The Times pries some civilian casualty statistics out of Iraq.
Iraqi civilians and police officers died at a rate of more than 800 a month between August and May, according to figures released in June by the Interior Ministry.
The figures, released by e-mail through an American official after multiple requests, are a significant milestone, for while the Iraqi government tallies Iraqi deaths, figures on the overall totals have been tightly guarded. But the numbers do not account for civilian deaths caused by American and Iraqi soldiers in military offensives, at checkpoints or on raids.
“It’s an important number, it’s a big deal,” said Marc Garlasco, senior military analyst at Human Rights Watch in New York. “It shows the toll Iraqi civilians are paying for their freedoms.”
Obtaining tallies of Iraqi dead has always been difficult, in part because they have not always been compiled systematically. For some time after the 2003 invasion, the Health Ministry released daily counts that were cobbled together mostly from figures provided by hospitals. But last year, when the numbers began to rise, the ministry stopped releasing even those tallies publicly, and provided classified copies to the government.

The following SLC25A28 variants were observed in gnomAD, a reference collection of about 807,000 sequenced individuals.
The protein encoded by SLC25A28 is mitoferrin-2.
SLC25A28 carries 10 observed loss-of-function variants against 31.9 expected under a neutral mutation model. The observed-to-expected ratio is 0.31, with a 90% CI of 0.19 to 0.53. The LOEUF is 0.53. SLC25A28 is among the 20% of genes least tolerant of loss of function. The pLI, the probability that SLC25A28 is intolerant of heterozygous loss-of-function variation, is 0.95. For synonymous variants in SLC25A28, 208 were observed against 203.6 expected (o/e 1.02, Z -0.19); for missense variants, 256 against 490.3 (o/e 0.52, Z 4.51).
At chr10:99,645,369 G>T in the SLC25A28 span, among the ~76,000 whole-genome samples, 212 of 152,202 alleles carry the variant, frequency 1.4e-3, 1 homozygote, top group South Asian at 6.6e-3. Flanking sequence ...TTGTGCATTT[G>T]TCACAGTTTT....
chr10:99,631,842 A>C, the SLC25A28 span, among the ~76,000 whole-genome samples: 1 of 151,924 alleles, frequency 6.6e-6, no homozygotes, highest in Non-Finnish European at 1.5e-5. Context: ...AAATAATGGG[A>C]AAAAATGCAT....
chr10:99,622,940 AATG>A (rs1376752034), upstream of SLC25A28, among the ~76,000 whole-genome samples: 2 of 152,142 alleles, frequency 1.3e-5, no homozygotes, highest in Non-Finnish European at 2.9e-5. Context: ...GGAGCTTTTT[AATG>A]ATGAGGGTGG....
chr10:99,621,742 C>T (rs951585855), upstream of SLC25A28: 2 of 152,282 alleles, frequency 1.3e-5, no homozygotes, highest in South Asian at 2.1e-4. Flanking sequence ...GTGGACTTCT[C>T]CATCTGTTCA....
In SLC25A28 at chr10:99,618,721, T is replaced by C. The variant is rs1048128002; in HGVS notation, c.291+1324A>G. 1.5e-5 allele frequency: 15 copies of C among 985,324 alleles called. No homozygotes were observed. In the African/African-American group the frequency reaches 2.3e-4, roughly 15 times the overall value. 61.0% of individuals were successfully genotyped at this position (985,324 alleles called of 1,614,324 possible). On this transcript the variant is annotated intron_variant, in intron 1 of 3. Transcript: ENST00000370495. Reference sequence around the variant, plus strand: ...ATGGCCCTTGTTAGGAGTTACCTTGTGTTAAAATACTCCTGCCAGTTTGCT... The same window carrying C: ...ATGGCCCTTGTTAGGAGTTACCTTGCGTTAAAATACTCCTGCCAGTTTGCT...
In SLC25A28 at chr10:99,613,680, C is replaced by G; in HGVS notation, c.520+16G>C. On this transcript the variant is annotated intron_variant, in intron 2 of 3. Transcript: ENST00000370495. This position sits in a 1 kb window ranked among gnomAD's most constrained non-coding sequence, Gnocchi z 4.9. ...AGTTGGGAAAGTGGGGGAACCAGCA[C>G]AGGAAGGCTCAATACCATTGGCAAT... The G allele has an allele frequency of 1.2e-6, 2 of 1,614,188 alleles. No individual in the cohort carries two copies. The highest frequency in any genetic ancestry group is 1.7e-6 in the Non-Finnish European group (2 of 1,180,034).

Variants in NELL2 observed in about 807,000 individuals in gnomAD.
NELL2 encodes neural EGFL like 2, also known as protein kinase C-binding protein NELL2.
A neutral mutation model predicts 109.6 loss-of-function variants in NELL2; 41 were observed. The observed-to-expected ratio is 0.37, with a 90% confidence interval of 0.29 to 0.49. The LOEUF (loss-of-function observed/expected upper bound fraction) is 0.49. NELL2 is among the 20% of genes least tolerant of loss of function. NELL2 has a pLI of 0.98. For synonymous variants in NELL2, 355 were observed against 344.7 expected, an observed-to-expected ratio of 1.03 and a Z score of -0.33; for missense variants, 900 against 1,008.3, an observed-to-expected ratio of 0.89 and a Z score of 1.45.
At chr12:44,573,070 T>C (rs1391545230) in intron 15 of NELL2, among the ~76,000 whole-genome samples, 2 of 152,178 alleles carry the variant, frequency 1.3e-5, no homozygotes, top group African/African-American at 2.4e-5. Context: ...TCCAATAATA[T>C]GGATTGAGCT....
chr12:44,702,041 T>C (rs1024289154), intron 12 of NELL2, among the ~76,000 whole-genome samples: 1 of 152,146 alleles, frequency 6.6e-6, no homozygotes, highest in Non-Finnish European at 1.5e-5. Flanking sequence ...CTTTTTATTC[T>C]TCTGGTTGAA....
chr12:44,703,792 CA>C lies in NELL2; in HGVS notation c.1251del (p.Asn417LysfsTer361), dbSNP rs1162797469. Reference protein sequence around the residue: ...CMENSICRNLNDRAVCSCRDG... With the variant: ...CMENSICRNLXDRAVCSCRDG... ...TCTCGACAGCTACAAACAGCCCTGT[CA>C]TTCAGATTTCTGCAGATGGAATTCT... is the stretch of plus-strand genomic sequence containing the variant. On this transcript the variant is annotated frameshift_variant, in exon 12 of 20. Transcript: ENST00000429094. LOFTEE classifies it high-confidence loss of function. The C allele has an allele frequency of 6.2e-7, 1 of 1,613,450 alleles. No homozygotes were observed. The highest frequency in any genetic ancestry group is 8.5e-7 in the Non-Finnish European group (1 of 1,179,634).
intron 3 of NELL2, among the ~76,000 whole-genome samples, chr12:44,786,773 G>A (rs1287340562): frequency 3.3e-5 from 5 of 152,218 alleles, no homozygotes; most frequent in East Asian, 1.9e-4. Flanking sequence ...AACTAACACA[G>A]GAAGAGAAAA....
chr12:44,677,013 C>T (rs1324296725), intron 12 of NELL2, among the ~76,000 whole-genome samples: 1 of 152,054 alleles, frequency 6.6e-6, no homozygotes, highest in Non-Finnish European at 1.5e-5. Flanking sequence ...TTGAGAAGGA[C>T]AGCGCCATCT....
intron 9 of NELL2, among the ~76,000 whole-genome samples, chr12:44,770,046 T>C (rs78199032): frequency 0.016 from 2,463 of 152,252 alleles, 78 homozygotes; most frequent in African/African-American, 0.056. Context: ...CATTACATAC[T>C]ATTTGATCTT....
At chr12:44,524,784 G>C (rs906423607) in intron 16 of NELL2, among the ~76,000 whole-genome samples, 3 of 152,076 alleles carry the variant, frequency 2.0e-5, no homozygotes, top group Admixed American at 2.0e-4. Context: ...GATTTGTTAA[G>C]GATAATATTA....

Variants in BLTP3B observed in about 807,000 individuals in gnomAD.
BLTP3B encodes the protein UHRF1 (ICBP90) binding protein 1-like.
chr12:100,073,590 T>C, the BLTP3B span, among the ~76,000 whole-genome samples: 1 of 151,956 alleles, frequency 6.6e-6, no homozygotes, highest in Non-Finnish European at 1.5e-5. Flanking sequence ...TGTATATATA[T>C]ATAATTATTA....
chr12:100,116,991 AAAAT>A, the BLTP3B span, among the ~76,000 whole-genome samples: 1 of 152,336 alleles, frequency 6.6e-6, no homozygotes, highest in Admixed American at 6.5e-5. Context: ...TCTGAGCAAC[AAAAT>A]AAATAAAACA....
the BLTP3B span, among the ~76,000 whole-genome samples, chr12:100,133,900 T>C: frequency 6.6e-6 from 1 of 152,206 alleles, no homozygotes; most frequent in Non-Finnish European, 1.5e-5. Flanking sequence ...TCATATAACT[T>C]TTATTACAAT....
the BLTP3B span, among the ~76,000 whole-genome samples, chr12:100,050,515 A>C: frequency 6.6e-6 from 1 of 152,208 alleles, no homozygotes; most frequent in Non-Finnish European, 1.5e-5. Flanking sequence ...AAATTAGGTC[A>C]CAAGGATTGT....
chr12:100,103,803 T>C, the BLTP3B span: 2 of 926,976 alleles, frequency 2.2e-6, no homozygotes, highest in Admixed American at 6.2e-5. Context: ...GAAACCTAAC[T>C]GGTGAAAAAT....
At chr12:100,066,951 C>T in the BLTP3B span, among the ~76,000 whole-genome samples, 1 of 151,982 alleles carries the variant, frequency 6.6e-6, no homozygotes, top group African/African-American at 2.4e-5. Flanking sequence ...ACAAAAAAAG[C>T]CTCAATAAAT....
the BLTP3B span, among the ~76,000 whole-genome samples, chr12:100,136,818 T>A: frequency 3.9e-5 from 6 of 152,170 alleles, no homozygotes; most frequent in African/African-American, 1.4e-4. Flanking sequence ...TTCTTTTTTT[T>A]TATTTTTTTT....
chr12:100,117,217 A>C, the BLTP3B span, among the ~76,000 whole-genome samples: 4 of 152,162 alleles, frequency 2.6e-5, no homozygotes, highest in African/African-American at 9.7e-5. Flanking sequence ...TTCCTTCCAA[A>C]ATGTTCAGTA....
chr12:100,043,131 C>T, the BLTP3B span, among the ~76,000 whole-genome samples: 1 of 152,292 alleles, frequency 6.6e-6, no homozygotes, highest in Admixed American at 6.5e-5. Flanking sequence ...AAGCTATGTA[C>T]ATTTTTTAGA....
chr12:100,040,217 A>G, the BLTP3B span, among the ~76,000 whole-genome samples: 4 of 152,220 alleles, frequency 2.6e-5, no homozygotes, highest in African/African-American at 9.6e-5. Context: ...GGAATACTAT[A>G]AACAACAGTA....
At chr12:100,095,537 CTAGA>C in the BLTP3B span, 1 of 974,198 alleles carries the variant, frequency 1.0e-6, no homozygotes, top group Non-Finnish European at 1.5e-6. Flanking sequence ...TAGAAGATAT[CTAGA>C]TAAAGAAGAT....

Deaths at the hands of Americans are statistically fewer, but far from uncommon. On June 25, a 21-year-old engineering student was shot dead during a house raid by marines in Anbar Province. The student, Muhammad Summaidai, answered the door and was excited to practice his English, according to an account by his cousin, Samir Summaidai, the Iraqi ambassador to the United Nations. The marines took him to a back room to see the family’s weapons. A short time later he was dead, shot through the neck in what his family says was a murder by the marines.
[“The Americans have to be smarter – to hide and lay traps for the insurgents,” Mr. Summaidai said by telephone in early July. “Not just to terrorize the community. That will not work.”]
The marines said in a statement shortly after the incident that they were investigating.
One day earlier Yasser Salihee, an Iraqi employee of the Knight Ridder newspaper chain, was shot and killed by an American sniper while he was on his way to a gas station, Knight Ridder said. That death is also under investigation.